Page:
Tuesday, December 20, 2022

Too Dead to Die, Graphic Novel

Simon Cross is a prime example of unrepentant “toxic masculinity.” He has also saved the world several times over. You have to have a swaggering attitude and a willingness to fight and kill to get the job done. Like Bond, he also enjoyed his time with the ladies. His time has passed. Now the espionage game is played by a more modern breed of spy, but when the world needs saving again, the retired Cross will have to do it in Marc Guggenheim’s graphic novel, Too Dead to Die, illustrated by Howard Chaykin, which goes on-sale today.

Cross is rather disappointed in the current state of the world, considering all the megalomaniacal villains he killed to protect it. Honestly, he does not even remember Liberty Nuance, one of his former conquests when she comes to tell him something important. However, he starts paying attention when a sniper kills her through his window. She just barely manages to tell him the daughter he never knew they had is in danger.

Immediately reverting to his old ways, Cross detects signs of the involvement of his late but not lamented nemesis Baron von Tsuma’s old Spectre-like group. After Cross dropped him into a fiery volcano, the organization “rebranded” itself as an international environmental science conglomerate. Cross’s daughter Lily Nuance works for them. She has developed a radical scheme that could completely halt the global warming process. The danger is not that Northshire Holdings will not pursue her proposal—it is the certainty that they will—at the cost of billions of lives.

It is extraordinarily bold of Image Comics to publish
Too Dead to Die, given the way it portrays the mindset surrounding climate change issues. Yet, there is a good point in there about applying cold, hard cost-benefit analyses to climate policies, exactly like the Paris Accords. Regardless, the graphic novel never gets bogged down in such dreary controversies. It is an unapologetic romp, in the spirit of Bond-followers like The Man from U.N.C.L.E. and Our Man Flynn.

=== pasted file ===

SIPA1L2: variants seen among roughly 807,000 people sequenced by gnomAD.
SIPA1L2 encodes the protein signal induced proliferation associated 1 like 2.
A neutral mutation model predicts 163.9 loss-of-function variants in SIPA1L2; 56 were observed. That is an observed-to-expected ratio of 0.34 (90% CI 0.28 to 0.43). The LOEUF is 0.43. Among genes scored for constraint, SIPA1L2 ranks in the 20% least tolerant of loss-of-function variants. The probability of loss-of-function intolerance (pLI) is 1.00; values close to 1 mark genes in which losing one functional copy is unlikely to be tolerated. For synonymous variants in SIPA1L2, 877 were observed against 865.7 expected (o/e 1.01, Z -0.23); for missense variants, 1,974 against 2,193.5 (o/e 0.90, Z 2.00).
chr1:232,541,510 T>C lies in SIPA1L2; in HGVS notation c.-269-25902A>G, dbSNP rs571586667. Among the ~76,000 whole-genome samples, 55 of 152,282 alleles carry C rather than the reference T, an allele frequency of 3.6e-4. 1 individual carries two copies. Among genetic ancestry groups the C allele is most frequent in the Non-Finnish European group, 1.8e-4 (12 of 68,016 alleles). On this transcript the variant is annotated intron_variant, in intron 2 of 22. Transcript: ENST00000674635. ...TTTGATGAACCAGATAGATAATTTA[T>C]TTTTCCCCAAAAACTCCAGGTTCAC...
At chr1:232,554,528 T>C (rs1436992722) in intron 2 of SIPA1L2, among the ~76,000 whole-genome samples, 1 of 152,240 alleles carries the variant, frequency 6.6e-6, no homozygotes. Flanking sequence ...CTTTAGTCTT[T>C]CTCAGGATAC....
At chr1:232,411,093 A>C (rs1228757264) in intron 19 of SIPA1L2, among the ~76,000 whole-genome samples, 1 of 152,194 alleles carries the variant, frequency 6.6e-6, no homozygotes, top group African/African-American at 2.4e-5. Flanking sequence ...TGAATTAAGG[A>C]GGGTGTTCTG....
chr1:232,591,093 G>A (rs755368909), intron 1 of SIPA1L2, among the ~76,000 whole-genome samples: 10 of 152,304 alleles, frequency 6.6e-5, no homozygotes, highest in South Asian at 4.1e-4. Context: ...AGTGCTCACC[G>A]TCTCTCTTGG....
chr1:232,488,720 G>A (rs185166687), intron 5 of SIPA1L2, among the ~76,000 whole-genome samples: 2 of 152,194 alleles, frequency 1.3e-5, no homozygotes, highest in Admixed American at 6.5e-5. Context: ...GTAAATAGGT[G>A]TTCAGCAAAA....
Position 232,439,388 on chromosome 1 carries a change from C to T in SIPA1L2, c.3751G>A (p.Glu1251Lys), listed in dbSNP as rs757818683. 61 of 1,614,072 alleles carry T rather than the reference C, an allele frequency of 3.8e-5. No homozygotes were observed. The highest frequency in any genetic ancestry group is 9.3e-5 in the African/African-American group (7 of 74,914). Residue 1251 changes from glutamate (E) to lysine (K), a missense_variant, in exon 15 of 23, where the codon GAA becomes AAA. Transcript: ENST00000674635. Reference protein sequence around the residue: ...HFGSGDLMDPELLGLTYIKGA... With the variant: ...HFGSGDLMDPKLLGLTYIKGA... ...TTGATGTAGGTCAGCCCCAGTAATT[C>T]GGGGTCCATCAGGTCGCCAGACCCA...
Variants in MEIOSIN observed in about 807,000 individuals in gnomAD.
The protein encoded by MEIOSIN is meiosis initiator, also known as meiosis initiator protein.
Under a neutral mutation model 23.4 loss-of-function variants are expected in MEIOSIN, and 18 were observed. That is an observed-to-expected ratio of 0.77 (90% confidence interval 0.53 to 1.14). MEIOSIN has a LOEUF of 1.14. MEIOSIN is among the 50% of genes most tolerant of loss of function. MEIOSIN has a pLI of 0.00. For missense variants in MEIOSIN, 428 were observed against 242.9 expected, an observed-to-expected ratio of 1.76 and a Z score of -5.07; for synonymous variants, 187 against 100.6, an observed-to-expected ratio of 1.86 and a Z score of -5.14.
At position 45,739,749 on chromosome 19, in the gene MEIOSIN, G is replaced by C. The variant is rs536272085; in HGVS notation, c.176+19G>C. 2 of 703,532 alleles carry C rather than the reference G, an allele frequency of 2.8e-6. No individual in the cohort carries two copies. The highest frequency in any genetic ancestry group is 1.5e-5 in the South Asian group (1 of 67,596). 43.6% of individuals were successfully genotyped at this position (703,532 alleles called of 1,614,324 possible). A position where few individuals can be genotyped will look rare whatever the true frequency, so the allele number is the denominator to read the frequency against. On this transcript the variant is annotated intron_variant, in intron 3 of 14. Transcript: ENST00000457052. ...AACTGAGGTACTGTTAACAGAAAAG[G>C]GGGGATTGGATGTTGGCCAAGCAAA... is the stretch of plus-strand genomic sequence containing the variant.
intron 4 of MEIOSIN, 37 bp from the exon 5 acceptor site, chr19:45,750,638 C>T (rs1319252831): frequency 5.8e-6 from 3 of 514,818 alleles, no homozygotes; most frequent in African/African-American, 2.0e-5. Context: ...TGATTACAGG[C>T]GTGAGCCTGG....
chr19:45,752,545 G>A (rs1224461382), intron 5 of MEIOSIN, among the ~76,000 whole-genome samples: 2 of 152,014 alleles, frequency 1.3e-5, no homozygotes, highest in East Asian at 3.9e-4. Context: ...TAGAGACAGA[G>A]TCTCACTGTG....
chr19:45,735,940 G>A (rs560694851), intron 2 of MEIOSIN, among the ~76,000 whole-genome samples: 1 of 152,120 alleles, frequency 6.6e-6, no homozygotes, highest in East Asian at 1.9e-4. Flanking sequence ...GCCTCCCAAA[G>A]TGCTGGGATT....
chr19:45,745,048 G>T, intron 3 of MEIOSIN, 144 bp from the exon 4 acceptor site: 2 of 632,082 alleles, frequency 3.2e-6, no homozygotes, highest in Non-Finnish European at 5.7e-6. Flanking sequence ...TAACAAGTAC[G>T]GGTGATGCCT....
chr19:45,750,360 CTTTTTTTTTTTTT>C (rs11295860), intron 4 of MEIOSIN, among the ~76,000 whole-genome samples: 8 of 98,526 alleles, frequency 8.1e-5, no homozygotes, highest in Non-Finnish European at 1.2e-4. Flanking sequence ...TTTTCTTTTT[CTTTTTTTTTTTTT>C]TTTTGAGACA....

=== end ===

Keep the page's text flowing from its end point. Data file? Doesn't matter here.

Yet, Guggenheim forces his larger-than-life hero to take stock of his life and choices in rather thoughtful ways. The mere existence of his daughter is dose of reality James Bond never had to face. Frankly, Guggenheim and Chaykin do a better job modernizing their James Bond-like character than the woke signaling coming from the current custodians of the Bond franchise—so maybe Hollywood should start making Simon Cross films instead of potentially unrecognizable Bond reboots.

Chaykin’s flashy, splashy art perfectly suits the graphic novel’s rock’em-sock’em action. It is a lot of fun, because it stays true to its roots, even while acknowledging the inevitable passage of time. Recommended for all fans of super-spy affairs,
Too Dead to Die is now on-sale where books and comics are sold.